The truth was, hustling and money matches were the only way for a working-class lad like Houlihan to earn a living from snooker – and make a living he did. Indeed, such was his formidable reputation that he had to formulate innovative wagers to persuade people to risk playing him.
Six-time world champion Steve Davis recalled: “[Patsy would] play people and he wouldn’t be allowed to have the cue ball touch a cushion or whatever. People would think they would be able to beat him if he had that type of handicap but he was so skilful that he could still win.” At other times, Houlihan would play for money one-handed, left-handed, or even with the end of a broom rather than a cue.
Houlihan’s chances of turning pro were not aided by a criminal record acquired in 1966 when a spot of drunken high jinx saw him break into a warehouse with a couple of drinking buddies.
This misdemeanour, along with the Indo-Pakistani War, prevented him from participating in a delayed world amateur championship in 1966. It was also probably the reason why an application to turn professional in May 1969 was rejected; by then Spencer and Reardon had been welcomed into an expanded pro circuit but Houlihan was frozen out until 1971.
Heartbreakingly, no video of Houlihan in action has survived save for the briefest of snippets. As such an objective appraisal of his greatness is hard to formulate, although the testimonies of those who saw him play are instructive.
Jimmy White, who spent many hours playing with Houlihan and Tony Meo at the legendary Pot Black club in Vardens Road, Battersea in the 1970s, still rates him as the greatest – or among the greatest – cue men who ever lived.
“Some days Patsy struggled because he’d been drinking the night before or gambling or whatever, but when it all connected and he started performing, he was like no one else on earth,” White explained. “There are certain people in this world, certain sports people, like Floyd Mayweather in boxing or Tiger Woods in golf, like Ronnie O’Sullivan at times today, that when they hit their peak they just can’t be beat … Houlihan was like that.”
Another Houlihan advocate is Bill King, father of tour veteran Mark, who after decades in and around the snooker circuit remains unswerving in his view that Houlihan was “the best snooker player I’ve ever seen”.
Houlihan’s swiftness around the table was legendary and he is thought to be the first player to complete a century in less than four minutes. The man who now holds the record for the fastest televised century, Tony Drago, only saw Houlihan play when he was past his peak, nevertheless the Maltese flyer admits: “We played the same sort of game, Patsy and I, except he was probably even faster.”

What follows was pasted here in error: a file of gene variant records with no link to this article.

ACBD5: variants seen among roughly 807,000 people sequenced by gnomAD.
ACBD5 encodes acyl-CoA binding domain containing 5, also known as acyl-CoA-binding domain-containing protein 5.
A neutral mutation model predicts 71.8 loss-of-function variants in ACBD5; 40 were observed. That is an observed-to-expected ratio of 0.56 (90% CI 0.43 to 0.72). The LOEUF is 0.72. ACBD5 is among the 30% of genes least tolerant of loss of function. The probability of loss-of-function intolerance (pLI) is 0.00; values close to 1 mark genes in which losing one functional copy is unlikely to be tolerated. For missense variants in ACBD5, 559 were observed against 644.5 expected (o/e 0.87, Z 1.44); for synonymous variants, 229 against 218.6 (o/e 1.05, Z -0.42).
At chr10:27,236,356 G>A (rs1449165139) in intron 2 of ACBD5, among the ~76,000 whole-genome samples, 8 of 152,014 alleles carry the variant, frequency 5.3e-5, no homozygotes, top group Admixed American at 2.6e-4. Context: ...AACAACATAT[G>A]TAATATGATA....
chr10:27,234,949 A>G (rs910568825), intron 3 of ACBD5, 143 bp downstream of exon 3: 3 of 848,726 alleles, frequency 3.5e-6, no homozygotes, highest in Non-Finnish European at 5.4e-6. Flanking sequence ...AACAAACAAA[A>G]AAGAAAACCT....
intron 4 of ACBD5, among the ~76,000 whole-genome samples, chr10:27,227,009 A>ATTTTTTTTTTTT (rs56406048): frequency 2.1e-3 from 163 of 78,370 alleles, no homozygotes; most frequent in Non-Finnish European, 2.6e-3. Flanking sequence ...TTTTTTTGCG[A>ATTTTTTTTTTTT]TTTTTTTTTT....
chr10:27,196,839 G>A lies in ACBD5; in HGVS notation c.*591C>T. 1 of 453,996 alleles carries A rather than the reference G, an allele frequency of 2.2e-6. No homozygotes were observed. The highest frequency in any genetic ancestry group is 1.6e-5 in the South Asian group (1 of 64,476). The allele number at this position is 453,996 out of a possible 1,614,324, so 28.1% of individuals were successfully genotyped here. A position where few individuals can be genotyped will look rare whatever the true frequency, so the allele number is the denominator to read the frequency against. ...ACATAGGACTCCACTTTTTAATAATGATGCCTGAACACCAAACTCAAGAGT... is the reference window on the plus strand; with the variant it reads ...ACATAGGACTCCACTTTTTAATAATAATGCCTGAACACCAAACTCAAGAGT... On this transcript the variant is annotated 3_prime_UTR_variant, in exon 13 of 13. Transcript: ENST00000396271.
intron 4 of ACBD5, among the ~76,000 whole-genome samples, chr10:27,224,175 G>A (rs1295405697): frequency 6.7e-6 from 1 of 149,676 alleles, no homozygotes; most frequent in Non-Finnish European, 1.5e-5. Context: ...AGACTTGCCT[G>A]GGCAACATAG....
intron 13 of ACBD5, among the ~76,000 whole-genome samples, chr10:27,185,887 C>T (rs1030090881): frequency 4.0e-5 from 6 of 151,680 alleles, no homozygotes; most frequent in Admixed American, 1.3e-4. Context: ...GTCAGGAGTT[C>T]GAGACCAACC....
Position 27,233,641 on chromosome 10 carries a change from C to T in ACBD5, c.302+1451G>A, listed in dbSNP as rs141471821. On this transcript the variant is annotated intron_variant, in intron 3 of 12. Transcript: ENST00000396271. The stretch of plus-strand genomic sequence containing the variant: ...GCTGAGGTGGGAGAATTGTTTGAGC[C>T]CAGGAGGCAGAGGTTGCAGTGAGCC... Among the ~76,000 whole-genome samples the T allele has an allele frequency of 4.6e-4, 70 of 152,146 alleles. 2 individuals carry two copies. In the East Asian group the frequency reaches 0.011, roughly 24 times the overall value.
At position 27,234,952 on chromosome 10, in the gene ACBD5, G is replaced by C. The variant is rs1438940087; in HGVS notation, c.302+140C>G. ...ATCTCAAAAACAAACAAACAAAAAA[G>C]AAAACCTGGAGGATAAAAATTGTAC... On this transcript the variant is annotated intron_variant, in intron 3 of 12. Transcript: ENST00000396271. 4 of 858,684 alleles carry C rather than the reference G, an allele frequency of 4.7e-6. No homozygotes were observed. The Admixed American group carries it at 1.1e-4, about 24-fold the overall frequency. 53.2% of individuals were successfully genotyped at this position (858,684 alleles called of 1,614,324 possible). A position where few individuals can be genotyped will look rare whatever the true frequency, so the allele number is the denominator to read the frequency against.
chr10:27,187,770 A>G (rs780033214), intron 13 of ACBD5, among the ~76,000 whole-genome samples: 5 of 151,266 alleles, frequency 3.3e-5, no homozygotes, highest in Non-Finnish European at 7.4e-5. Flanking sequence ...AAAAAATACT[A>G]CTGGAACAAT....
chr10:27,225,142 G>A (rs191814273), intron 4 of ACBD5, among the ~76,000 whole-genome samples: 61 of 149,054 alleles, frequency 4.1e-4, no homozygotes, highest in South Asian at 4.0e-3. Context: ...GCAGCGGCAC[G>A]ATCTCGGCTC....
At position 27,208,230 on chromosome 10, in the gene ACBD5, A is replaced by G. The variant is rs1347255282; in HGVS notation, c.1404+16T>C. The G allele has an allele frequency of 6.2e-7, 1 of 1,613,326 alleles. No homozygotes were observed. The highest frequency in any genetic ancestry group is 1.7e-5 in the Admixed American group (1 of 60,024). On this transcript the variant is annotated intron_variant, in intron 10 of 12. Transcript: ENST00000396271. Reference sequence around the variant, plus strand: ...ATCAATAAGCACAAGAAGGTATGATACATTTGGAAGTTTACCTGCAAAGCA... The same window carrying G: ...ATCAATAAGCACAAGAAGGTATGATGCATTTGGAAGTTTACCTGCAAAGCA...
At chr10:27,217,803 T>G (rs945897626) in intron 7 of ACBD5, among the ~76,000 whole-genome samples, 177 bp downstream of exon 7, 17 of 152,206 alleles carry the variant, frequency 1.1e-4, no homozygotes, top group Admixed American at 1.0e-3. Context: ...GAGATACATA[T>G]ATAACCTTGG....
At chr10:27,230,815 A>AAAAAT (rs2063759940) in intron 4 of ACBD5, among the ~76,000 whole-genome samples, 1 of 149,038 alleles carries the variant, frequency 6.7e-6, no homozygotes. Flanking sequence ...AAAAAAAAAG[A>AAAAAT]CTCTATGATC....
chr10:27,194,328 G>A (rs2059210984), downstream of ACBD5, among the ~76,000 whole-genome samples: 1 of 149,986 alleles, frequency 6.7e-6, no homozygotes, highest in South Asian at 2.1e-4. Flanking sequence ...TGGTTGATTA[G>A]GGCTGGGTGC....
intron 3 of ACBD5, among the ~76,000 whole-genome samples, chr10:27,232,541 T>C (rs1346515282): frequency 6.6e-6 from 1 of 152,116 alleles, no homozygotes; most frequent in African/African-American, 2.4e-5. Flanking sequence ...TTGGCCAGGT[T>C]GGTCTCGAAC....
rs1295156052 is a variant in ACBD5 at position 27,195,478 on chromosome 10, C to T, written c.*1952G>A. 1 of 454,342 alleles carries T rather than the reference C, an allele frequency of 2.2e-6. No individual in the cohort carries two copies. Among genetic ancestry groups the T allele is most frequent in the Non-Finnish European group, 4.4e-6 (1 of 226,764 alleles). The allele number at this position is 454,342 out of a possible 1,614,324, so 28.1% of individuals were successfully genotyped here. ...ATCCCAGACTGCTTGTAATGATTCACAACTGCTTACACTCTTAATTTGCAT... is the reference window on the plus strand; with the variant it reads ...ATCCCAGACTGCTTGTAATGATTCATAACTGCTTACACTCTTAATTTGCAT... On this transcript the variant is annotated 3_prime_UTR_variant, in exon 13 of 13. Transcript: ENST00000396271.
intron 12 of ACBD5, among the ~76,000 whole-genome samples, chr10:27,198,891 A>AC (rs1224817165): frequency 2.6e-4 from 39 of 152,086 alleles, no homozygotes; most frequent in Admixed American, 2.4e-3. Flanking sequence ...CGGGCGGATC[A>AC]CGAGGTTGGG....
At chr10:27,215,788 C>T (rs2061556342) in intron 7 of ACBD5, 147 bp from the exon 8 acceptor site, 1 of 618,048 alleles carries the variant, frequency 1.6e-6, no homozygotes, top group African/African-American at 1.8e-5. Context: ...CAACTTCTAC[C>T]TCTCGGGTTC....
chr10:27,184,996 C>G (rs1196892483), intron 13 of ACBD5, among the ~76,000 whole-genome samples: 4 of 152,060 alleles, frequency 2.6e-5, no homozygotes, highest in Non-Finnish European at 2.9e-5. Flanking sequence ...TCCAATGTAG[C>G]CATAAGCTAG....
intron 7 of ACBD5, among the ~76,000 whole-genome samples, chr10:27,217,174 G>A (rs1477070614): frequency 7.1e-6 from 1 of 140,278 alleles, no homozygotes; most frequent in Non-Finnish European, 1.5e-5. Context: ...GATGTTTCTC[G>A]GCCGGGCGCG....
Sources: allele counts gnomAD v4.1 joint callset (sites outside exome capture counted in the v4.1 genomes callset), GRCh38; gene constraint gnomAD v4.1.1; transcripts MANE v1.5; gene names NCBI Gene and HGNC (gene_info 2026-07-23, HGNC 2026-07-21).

Movingly, a common thread among those I spoke to about Houlihan was that he was a man whose generosity towards others, particularly young players, was considerable. Having missed out on success in the professional ranks, Houlihan had every reason to be bitter, but instead he chose kindness.
Example? Former pro Tony Meo customarily refuses interview requests these days, however he made an exception when it came to Patsy Houlihan, ringing the author and saying: “I’ve been approached to do all sorts of stuff about snooker in the 1980s … and I’m just not interested. But you’re doing something very good by writing about someone who was such a nice man, and that means more to me.
“It’s nice that Patsy Houlihan’s being remembered because he was a decent soul… What can I say? We loved him.”
‘The Natural: The Story of Patsy Houlihan, The Greatest Snooker Player You Never Saw’ is published by Pitch. Luke G. Williams has been a writer for more than 25 years and tweets @boxianajournal
Main image: Houlihan (right) with Welsh snooker talent Clifford Wilson outside Burroughes and Watt in London. (Seamus Phelan)
Home page image: A publicity photo taken of Houlihan during his later years on the pro tour. (Patricia Houlihan)
I haven’t read the book … yet. But I will read it, definitely.
If you are interested, but not living in the UK, finding the book might be very difficult. It’s however available on Amazon. Now I’m NOT at all a fan of Amazon business model but sometimes, if you really want a book, you have no other choice. It’s available in kindle version as well.
2 thoughts on “More snooker reading … Patsy Houlihan”
If you want to avoid buying the book from Amazon it is available from Blackwell’s (blackwells.co.uk). Just popping in to say I have been a silent follower of this great blog for years, probably almost as long as I became a snooker fan.
Welcome! And thank you. That’s good to know.